How we need political lions to tackle that Anglo-Irish divide
Published 15/06/2009 | 11:17
Is there a lesson in Northern Ireland politics to be learnt from the British and Irish rugby team? It plays under a unified banner — the Scottish Thistle, the Welsh Prince of Wales Feathers, the English Rose and the Irish Shamrock. The team has an illustrious history of unified glory going back many decades.
The Lions' greatest and most inspirational leader was one Willie John McBride from Ulster. When he was in charge in 1974, his team was known with complete justification as ‘The Invincibles’. Legend has it that the Earth quaked whenever he shouted “99” to his players, a call to arms which wiped out even the toughest opponents.
Now, in the aftermath of the European elections when nearly 60% of the population failed to vote at all, I wonder if a new British and Irish party could invoke a similar spirit and maybe even arouse the electorate from its deep slumbers.
Don't over-excite yourself about the Traditional Unionist Voice. Don't lose any sleep over the Democratic Unionists' double-jobbing problems or the Ulster Unionists joining up with the Tories. Consider the vision of the B and I party.
Who would be eligible to join? Answer, anyone who feels distinctly British or Irish, as long as they did not consider physically attacking or killing anyone to enforce their point of view.
I suspect that there are hundreds of thousands of potential members of the B and I party who cherish the British tradition, their Planter heritage, and simply want to remain politically and economically part of the United Kingdom of Great Britain and Northern Ireland.
Likewise, there are many others who feel more Irish than British, who cherish the tradition and culture of the Gael, but also know which side their bread is buttered on. By that I mean, they would run a mile from an actual united Ireland today or tomorrow but would still like to see more unity of purpose between the UK and Ireland.
I think most people now accept that a united Ireland cannot be achieved by force — or by wishful thinking.
It cannot be achieved, as John Hume used to say, without a united Northern Ireland and it cannot be sustained in any way without addressing the harsh reality of the economy, north or south on this island.
The current British and Irish Lions are captained by Paul O'Connell, an inspirational Irishman from Munster. When he has a day off, his brilliant Leinster compatriot, Brian O'Driscoll takes charge. All of their players appear to me to be more than willing to lay down their lives on a rugby pitch for each other. It is a classic example of one for all, all for one, British and Irish, English, Irish, Scottish and Welsh alike.
Aside from their undoubted talent, they display total loyalty and commitment to one another. If such a team spirit could be translated from the sports field to a political party, the latter would surely sweep all before it on this island.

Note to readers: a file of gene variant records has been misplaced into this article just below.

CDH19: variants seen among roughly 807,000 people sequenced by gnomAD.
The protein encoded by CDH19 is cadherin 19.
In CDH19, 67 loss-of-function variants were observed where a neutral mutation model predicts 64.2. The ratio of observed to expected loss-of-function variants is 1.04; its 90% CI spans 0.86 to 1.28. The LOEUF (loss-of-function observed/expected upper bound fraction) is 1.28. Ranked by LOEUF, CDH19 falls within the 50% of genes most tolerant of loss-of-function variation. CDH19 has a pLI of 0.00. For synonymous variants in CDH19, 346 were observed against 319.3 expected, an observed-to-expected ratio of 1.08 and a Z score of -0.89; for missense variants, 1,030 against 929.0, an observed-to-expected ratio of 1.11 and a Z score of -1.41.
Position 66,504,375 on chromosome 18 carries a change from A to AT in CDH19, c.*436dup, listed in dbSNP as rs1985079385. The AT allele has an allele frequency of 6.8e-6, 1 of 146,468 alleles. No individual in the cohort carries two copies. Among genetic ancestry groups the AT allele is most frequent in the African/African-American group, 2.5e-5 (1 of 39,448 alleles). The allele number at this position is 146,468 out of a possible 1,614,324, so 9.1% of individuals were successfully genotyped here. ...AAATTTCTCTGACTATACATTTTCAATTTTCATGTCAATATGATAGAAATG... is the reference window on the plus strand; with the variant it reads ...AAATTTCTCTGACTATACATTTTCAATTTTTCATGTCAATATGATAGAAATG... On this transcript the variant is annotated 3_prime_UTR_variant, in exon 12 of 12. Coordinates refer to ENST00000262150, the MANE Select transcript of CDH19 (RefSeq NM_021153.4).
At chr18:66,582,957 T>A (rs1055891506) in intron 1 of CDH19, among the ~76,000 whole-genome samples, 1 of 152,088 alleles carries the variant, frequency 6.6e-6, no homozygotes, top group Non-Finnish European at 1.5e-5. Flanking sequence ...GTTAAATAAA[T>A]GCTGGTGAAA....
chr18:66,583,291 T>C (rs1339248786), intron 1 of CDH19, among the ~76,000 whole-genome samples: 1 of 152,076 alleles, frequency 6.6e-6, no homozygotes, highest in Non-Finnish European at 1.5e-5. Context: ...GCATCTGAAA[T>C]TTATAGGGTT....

In my view, we should stop and think about this because existing unionist and nationalist parties have a difficulty. They continue to talk at one another but seldom with one another. If that happened on the rugby pitch, the British and Irish Lions would never win a match.
We delude ourselves if we think there is not a massive job to be done.
The UK and the Republic live cheek by jowl geographically with even a land frontier joining them but they still behave as if they were light years apart. They have separate currencies and very different economics. The Queen in one country cannot even visit the President in the other.
In virtually every aspect of life, short of using the English language, the two nations have wide differences, in living standards, house prices, taxes, employment prospects, health and education matters and many other corners of government.
The London and Dublin governments may have tried to sort out Northern Ireland but what price real harmonisation between such neighbouring states?
The British and Irish Lions rugby team is an example of true cooperation. It begs an enormous question for us all. What if we British or Irish of the 21st century were to concentrate more on pulling together rather than arguing apart?
What if, instead of being seen as a great sectarian black hole into which any unionist or nationalist who shakes hands eventually falls and is never seen again, Northern Ireland were to become a bridge between London and Dublin, between the British and Irish traditions?
What if we were to recognise that in being British or being Irish and living together in this province, we could be as incredible a force as the Lions?
What if we could redefine unionism from its narrow ground and persuade nationalists to support a unified British-Irish future rather than dwelling on a divided British-Irish past?
What if unionists and nationalists could have a common cause in bringing together the people of Great Britain, Northern Ireland and the Irish Republic?
If we could achieve that, far from being a barrier between London and Dublin, Northern Ireland could be a causeway of hope joining the islands together.
United they stand. Divided they fall. The British and Irish Lions know this every time they go out to play.
Maybe it is time we the British and Irish citizens of Northern Ireland felt the same.